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Bystanders save man at Bremerton YMCA
It was a typical Thursday evening spinning class at the Bremerton YMCA.
But it didn't end that way.
On May 16, a man collapsed from a heart attack after a spinning class at the YMCA off of Wheaton Way.
Brian Sharpe, 61, had what the doctors later diagnosed as a myocardial infarction that Thursday evening during the cool-down stretches of his class, he said.
“I was exercising; it was near the end of the class,” Sharpe said. “I guess I collapsed.”
Sharpe was diagnosed with gastrointestinal stromal cancer recently, but says he hasn’t had an attack like this before, and he doesn’t know what caused it. He says he doesn’t really remember what happened, but he has no history of heart problems.
“Except for this cancer, I’ve been pretty healthy,” he said.
When Sharpe collapsed at the end of the class, instructor Stephen Russell, 49, quickly performed CPR. Russell said that when it happened, he “basically took charge, made sure that somebody went and called 911, moved over to Brian, assessed the situation and determined that he needed CPR.”
Russell said he started CPR within about a minute, and another YMCA employee, Stephen Tabor, brought an Automatic External Defibrillator (AED) up to the room. Tabor used the analyze function of the AED, and when it recommended shocks, Tabor administered them.
”After the shock, he responded pretty quickly,” Tabor said. “We had to give him some more compressions and breaths. Within the next round of compressions, he started breathing again.”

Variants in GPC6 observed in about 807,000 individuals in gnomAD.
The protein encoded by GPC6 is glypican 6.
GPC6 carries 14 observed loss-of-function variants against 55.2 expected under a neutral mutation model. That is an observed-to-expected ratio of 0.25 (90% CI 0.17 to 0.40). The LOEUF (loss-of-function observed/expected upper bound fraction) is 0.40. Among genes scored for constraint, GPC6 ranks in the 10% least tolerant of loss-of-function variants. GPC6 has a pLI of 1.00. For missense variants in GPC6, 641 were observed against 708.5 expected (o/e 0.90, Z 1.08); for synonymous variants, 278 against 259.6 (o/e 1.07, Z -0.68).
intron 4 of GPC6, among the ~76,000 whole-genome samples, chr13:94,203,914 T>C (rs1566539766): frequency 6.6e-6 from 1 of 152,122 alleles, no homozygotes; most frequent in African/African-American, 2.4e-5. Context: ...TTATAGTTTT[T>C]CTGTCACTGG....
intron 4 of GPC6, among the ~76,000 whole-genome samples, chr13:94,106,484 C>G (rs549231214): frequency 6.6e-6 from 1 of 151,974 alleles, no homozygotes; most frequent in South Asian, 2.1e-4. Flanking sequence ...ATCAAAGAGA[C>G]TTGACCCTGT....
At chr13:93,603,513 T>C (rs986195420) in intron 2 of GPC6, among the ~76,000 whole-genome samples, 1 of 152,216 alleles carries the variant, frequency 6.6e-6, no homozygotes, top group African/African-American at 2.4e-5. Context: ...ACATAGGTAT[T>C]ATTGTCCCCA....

According to Tabor, all of the YMCA staff is trained in CPR and basic first aid every two years, as well as how to use the AED.
The 911 call went into the Fire Department at 5:31 p.m. that evening, and four minutes later the dispatched team arrived on the scene to find that most of the work was already done, according to paramedic Daniel Murphy.
“The bystanders did the CPR, they did the AED, they defibrillated him,” said Murphy. “We found him breathing, not very conscious. I don’t want to downplay it, but … all the hard work and all the heavy lifting was done by the bystanders on scene.”
Fire Captain Lonell Williams also responded to the 911 call.
“He had a heartbeat and blood pressure, which is hugely important,” said Williams. “The things that a doctor would have done, we did right there on scene, like intubation, and we also probably did some drug therapy.”
After the emergency response team arrived, care of Sharpe was transitioned from the YMCA employees to the fire department.
“When the fire department got there, we slowly worked at getting ourselves extricated and getting the EMTs onto him,” said Tabor. “They took about fifteen minutes to get him downstairs, mainly because of how our stairwell is. By the time they got him out … his respiration and heart rate were getting stronger.”
Sharpe was taken to Harrison Hospital for treatment, where the doctors gave him anti-clot medication and put a stent into his heart, according to Sharpe.
“It was really a cool thing because it was a group effort,” Russell said. “Everybody was trained well and responded appropriately.”
Sharpe, who is now at home, still doesn’t really remember what happened, but he has no history of heart problems, and is hoping that another attack doesn’t happen.